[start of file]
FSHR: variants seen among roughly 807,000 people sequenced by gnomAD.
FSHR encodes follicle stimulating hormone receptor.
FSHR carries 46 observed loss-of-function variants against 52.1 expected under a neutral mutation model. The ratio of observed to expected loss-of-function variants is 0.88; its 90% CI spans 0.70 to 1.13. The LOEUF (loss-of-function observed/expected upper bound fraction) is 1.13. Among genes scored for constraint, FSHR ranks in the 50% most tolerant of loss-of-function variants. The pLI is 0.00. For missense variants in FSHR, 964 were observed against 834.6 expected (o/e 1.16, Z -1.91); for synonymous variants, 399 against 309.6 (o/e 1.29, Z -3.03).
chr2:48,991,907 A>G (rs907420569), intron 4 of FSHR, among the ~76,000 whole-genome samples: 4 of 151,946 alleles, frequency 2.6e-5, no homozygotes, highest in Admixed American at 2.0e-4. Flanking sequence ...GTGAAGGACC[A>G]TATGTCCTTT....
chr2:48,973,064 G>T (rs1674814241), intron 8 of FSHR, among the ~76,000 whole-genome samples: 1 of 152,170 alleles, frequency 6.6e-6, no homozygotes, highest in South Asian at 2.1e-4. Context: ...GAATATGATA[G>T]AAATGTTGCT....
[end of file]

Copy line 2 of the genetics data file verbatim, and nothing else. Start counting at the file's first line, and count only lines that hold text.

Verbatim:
FSHR encodes follicle stimulating hormone receptor.